If you sit in traffic driving to and from work every day you know how stressful it can be. And, of course, stress can lead to heart problems. But there might be something else connected to your drive to work that can affect your heart.

According to a recent University of Washington study that 'something else' is the air you're breathing in as you're stuck in traffic.

“The study simulated the air you’d be breaking in; the gas you breathe in when fuel burns in cars,” Sports Cardiologist John Higgins at the UT Health Science Center told KTRH.

And Higgins says the results were surprising.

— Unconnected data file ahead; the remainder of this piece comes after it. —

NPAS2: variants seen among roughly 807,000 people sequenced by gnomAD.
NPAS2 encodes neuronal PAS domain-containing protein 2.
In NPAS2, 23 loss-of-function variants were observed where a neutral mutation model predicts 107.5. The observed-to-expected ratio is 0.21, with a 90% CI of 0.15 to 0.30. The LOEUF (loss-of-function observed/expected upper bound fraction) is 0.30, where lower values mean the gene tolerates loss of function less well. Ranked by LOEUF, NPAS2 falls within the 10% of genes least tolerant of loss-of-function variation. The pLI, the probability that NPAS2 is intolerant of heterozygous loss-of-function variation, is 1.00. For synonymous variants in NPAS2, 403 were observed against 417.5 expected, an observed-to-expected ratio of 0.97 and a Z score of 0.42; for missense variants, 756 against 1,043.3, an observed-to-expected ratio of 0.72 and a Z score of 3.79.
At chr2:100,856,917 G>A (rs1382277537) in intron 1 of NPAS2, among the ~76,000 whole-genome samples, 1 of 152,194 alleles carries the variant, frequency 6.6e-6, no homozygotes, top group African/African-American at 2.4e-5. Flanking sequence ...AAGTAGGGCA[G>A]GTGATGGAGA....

“They found there was a difference in the right ventricle of the heart, the main pumping chamber of the right heart,” Higgins stated.

The difference, specifically, was in the size, which increased. That increase is directly linked to heart disease. So what can you do? Is it as simple as closing your windows?

“It probably helps. Most cars have filtration systems. However, most of the time, these gasses still get through,” Higgins said.

Higgins' advice if you're concerned is to avoid driving in rush hour if you can, find a different way to get to work, or move closer to your job.